UCSB Music Goes Live, with Tech Support from SBCC

By Steven Libowitz   |   June 3, 2021
The UCSB Jazz Ensemble will perform (Almost) A Century of Jazz – from 1927 to 2021 on May 27

Last October, Santa Barbara City College’s Jim Mooy used the Jamulus audio platform and live-streamed videos of each performer generated via Zoom to direct a synchronous audio and video stream of a university ensemble performance of SBCC’s Lunch Break Jazz Ensemble concert. 

This week, Mooy lends his expertise to his counterparts at UCSB’s Music Department, having consulted with both the UCSB Chamber Choir and Jazz Ensemble in the use of open source “Jamboxes,” tiny Raspberry Pi computers running software packages that enable clean connection to the Jamulus audio platform. Each student in the ensembles received specific equipment including the computer, gaming headphones with clear audio and microphone pickups, and ethernet connection cables. Mooy will also serve as the engineer of the special livestream concerts that take place on May 26 and 27, coordinating the data streams from Jamulus and Zoom through the UCSB YouTube channel.

Dr. Nicole Lamartine, the Sorensen Director of Choral Music, helms the UCSB Chamber Choir concert, titled Resilience, at 6 pm on May 26 (the video can be streamed on demand later) and featuring Don Macdonald’s “When the Earth Stands Still,” Frank Ticheli’s “Earth Song,” and Kirby Shaw’s “The Tide Rises.” The program will also include student-crafted arrangements of songs from The Justice Choir Songbook and a special live collaboration of Paris Rutherford’s arrangement of “Autumn Leaves” with members of the UCSB Jazz Ensemble. 

The jazz outfit, under the direction of Dr. Jon Nathan, gets its own concert the following night via another livestream titled (Almost) A Century of Jazz – from 1927 to 2021, at 5 pm on May 27. The concert features music for a 10-piece jazz band (four brass, two saxophones, guitar, piano, bass, and drums) as arranged by Los Angeles-based composer and arranger Randy Aldcroft. The musicians will be performing from all over California, including the Bay Area, Los Angeles, Orange County, as well as Isla Vista. The program includes Freddie Hubbard’s “Asiatic Raes” and Moacir Santos’ “Coisa (Thing) #2,” along with Surry with a “Fringe on Top and Blue Skies,” both with a vocal performance by first-year student Kaidi Dai. A focus on the ensemble’s graduating students, mostly trumpet players, comes via a performance of “Cornet Chop Suey,” while Horace Silver’s “Opus de Funk” and an arrangement by Nathan of Vulpeck’s “Dean Town” (based on Jaco Pastorius’ fusion classic Teen Town) featuring trombonist Sriram Ramamurthy and first-year bassist Emily Conway, closes out the concert.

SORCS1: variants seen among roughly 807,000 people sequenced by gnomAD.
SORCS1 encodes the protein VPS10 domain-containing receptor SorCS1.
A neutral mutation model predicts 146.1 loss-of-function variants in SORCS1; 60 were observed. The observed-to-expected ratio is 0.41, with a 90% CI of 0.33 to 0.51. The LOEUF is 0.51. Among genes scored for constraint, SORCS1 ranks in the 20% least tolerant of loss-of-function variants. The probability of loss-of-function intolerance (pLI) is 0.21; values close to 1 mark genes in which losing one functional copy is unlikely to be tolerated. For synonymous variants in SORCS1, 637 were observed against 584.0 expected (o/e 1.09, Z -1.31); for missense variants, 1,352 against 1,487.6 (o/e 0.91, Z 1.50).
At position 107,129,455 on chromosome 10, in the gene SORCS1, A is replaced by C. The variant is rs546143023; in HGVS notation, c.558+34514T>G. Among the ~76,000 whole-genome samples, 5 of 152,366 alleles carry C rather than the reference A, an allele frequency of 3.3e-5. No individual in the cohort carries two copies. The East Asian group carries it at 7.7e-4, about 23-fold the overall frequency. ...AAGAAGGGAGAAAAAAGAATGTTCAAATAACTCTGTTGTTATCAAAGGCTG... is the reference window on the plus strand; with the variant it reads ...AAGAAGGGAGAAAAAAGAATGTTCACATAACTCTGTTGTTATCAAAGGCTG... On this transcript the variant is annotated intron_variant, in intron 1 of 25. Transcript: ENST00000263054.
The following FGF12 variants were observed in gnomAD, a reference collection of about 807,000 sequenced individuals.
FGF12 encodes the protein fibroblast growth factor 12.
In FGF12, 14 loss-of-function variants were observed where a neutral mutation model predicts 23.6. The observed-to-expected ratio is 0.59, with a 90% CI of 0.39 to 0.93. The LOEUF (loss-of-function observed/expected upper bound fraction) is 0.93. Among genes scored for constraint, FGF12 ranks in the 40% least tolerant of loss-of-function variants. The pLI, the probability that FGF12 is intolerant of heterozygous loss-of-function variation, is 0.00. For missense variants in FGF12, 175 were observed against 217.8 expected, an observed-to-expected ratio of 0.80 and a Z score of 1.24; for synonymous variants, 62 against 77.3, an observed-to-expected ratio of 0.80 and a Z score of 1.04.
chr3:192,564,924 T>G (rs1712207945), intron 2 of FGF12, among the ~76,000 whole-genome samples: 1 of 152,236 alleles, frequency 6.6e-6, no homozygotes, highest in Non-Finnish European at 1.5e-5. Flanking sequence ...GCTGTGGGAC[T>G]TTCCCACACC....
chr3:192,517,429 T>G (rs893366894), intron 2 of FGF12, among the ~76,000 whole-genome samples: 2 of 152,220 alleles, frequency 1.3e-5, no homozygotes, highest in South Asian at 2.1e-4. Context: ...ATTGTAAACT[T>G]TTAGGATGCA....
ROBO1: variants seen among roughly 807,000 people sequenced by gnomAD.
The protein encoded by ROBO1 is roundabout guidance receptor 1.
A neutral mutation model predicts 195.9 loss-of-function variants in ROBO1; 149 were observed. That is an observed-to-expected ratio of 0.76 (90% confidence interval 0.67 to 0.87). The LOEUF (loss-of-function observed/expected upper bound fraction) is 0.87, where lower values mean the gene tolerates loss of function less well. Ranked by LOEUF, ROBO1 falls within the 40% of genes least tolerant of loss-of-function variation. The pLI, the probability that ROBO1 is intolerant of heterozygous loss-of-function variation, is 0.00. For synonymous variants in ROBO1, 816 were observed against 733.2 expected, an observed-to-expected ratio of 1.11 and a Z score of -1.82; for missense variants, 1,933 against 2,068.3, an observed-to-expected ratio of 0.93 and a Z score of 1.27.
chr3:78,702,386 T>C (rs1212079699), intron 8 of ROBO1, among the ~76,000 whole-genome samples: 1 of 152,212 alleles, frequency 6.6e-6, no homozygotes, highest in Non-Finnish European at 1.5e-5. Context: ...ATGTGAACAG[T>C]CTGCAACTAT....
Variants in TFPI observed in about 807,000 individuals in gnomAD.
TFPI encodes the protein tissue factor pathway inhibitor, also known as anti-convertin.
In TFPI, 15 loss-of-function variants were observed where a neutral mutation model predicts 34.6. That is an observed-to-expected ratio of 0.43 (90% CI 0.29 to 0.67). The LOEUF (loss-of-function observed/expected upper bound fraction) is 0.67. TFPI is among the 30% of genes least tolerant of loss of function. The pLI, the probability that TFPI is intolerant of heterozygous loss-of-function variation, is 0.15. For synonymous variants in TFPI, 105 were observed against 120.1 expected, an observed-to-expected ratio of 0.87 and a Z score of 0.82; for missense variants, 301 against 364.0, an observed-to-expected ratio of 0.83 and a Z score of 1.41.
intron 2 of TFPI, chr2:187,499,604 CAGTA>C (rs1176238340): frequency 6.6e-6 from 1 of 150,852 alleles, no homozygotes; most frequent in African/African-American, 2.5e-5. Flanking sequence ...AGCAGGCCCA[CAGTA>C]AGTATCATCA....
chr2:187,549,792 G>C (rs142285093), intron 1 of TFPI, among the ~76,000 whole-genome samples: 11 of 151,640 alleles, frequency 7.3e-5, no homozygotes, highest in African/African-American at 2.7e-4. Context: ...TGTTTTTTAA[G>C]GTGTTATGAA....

Both concerts will stream via the UCSB YouTube channel at www.youtube.com/c/ucsantabarbara). Details at www.music.ucsb.edu/news.

Chalk Up Another Ongoing Pandemic Pivot 

The I Madonnari Italian Street Painting Festival had just a couple of months to figure out how to keep the tradition of having artists create ephemeral artwork with chalk on the large plaza in front of the Santa Barbara Mission during the coronavirus shutdown. The solution, of course, was to go virtual, with most of the participating artists painting on their own private property — a driveway, or patio, or anywhere that people might see, although officially inviting anyone to view them was against protocol.

Despite relaxed protocols from the CDC that allow for outdoor gatherings, California’s COVID restrictions remain in place, so I Madonnari will, maddingly, once again be a virtual festival this Memorial Day weekend. New street paintings drawn with chalk pastels will be created by artists on their driveways for festival sponsors during and photos of sponsored street paintings will be posted each day on the website of the Children’s Creative Project, a nonprofit arts education program of the Santa Barbara County Education Office (https://ccp.sbceo.org/i-ma
donnari) that hosts and benefits from the event. Updates will also be regularly added to CCP’s Facebook page and Instagram (www.instagram.com/imadonnari) account. The one benefit is we can watch the paintings as they are constructed without ever having to leave home.

Butterflies are Back